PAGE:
One such case was the kidnapping of Ya’acov Fershtei (or Tavin), the Irgun’s intelligence officer. The Haganah kidnapped Tavin, chained him to a hut in a kibbutz outside Petah Tikvah, interrogated and tortured him, holding him for about six months.

Already in December 1944 Weizmann reported to Churchill that hundreds of Irgun members had been turned over, stating that “[o]ur cooperation with the authorities in stamping out terrorism is proceeding satisfactorily” and “severe blows have already been dealt to them.”

All in all, over a thousand suspected Irgun members, often mere political activists, were handed over to the British.

The rhetoric of the Season cloaked the campaign as a moral obligation to “root out the evil.” But the decision was hopelessly colored by almost two decades of built-up hatred by the socialist movements and self-proclaimed moderates for the Revisionists whom they had painted as extremists, fascists, and the enemies of the worker.

Demonizing the Revisionists had also proven politically useful. The Revisionists had risen from four seats in the World Zionist Congress in 1925 to 52 (approximately 25 percent) in 1931. In 1933, when the Revisionists were scapegoated for the murder of Chaim Arlosoroff (the two Revisionists accused were acquitted and an Israeli commission of inquiry unanimously ruled them in innocent in 1985), the Revisionists sank to 14% and their delegates were excluded from participating in the Zionist Executive.

At the time the Season was launched, there were also political benefits to be reaped by labeling political opponents criminals. In March 1945, the High Commissioner noted that “the Jewish Agency’s lists of so-called terrorists continues to include numerous people who have no terror connections, but politically speaking are undesirable to the Jewish Agency.” At the start of the Season, the Irgun weighed its options. It could not agree to cease the Revolt as Golumb and Sneh demanded.

“If the Jewish Agency obeyed the British and the Irgun obeyed the Agency, the rule of the High Commissioner might continue forever,” Begin recounted. Indeed, continued rule by the High Commissioner was what the British proposed in various forms.

Many in the organization felt that responding in kind, a natural course of action for a military organization, could lessen the damage or deter the Season altogether.

But as with the decision to launch the Revolt, Jewish history hung over Begin and the Irgun High Command. In addition to the tremendous loss of Jewish life in the past few years, Begin would explain that “we heard the echo of those other wars, the cursed internecine wars in dying Jerusalem 19 centuries before.”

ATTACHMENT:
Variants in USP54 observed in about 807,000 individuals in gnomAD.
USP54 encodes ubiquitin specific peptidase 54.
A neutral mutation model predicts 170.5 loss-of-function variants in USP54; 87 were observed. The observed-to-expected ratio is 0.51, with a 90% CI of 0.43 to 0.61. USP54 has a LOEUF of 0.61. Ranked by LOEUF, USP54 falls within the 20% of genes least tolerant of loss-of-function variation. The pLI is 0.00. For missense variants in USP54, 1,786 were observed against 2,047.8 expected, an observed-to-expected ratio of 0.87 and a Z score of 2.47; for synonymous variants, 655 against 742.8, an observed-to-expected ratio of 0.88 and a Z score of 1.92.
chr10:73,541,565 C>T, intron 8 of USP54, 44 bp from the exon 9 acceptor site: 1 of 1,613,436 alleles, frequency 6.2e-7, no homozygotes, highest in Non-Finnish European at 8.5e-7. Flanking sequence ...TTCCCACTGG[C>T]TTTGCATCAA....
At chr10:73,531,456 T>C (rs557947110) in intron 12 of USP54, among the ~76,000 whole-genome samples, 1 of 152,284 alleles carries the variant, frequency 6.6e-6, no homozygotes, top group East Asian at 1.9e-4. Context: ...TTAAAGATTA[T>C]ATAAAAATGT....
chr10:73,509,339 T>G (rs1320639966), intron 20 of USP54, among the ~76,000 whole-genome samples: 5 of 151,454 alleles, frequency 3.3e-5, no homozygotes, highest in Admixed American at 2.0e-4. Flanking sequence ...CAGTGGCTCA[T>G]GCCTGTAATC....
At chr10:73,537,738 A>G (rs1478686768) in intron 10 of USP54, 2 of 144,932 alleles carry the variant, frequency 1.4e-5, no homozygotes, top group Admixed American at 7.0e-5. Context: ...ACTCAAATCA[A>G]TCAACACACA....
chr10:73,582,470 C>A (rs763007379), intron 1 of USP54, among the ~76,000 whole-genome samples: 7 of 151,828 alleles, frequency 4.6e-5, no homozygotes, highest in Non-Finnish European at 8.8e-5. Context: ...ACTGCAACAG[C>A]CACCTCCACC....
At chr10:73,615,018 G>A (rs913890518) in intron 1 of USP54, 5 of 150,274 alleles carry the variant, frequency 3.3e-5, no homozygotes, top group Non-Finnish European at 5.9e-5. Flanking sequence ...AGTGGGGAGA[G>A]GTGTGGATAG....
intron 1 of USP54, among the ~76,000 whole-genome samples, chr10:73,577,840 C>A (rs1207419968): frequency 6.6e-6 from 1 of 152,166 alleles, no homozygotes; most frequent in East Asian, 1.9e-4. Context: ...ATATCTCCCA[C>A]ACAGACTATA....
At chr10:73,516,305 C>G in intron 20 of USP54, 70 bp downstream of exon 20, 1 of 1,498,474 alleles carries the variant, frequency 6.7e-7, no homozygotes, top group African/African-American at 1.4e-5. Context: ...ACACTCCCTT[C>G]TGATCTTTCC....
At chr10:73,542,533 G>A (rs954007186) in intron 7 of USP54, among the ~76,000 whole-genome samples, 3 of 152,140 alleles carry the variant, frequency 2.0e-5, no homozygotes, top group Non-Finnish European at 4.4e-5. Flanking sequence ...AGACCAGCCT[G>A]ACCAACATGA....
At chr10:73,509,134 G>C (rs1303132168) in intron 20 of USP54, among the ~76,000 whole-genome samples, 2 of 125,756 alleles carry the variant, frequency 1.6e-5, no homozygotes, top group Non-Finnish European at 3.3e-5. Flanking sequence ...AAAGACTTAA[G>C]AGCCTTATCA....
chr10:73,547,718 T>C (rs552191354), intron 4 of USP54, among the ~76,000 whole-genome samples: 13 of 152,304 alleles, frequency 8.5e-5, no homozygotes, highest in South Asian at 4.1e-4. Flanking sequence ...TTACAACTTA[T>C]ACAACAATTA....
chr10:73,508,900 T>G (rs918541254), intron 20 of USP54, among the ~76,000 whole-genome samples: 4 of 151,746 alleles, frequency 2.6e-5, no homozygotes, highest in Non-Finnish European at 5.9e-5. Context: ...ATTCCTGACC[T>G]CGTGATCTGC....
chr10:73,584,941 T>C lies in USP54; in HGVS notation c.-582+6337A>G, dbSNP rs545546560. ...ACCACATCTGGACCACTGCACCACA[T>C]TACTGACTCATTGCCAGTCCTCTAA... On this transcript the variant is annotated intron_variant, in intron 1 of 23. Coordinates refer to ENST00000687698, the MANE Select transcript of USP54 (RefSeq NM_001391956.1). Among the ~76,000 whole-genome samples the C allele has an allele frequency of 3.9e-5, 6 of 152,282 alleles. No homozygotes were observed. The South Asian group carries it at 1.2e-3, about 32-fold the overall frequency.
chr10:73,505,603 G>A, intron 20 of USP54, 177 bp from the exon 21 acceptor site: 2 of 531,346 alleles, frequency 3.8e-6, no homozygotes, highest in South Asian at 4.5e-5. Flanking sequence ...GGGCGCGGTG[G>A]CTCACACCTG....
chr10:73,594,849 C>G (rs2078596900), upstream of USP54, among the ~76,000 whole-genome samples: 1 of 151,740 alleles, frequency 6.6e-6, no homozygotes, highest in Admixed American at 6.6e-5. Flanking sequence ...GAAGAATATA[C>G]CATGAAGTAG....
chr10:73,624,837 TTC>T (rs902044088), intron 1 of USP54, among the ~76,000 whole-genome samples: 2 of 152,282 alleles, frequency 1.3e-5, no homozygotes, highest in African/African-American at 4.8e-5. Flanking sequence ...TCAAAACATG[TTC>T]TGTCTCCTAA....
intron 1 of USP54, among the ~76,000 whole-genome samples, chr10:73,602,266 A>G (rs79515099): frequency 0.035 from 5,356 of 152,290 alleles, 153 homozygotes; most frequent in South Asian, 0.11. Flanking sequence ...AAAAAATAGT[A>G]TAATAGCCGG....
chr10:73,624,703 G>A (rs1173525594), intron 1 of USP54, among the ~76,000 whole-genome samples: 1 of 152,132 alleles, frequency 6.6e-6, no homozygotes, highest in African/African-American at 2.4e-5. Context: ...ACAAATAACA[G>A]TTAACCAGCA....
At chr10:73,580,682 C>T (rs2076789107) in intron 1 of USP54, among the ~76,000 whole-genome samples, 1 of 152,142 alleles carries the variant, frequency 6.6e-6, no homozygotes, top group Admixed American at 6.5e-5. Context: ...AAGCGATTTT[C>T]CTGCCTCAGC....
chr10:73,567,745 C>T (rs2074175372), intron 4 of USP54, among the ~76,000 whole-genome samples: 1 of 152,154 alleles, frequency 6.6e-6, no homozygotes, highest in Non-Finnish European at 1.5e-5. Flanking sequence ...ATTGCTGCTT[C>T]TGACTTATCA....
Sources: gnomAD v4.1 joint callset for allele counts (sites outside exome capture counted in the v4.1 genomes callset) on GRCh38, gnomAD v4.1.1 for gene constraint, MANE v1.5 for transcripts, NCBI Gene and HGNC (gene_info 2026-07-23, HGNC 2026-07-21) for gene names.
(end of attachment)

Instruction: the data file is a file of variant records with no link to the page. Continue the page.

Begin had no interest in repeating that history. The Irgun announced its response to the Season to the Yishuv: “there will be no fratricide.” The decision would be vindicated.

Though the Season brought Irgun operations to a halt, the organization would not been destroyed. Begin remained at large. New fighters joined the ranks. New members were appointed to the High Command. Meanwhile, both public and internal Haganah support for the Season dropped.

The Chief Rabbinate of the Yishuv announced that the kidnappings were “utterly prohibited by the Torah” and “alien and abominable to the Jewish people.”

As historian of the revolt, J. Bowyer Bell, wrote, many in the Haganah “were shamed at the reports of torture, others at the necessity of informing... [t]he rank and file began to express serious reservations.”

And beyond avoiding “the catastrophe of catastrophes,” as Begin wrote, the Irgun’s refusal to fight back earned it public sympathy and admiration. In March, Sneh and Golumb told fellow Haganah officers that anti-Irgun activities would end (they continued until June).

In May the Irgun renewed attacks and decided to intensify the revolt. And by October, one year after the decision to conduct the Season, the Haganah would reverse itself and join the Irgun and Lehi in the revolt against Britain, forming the “United Resistance Movement.”

Part V in a series on A Revisionist History of Zionism.

The author is an attorney and political activist.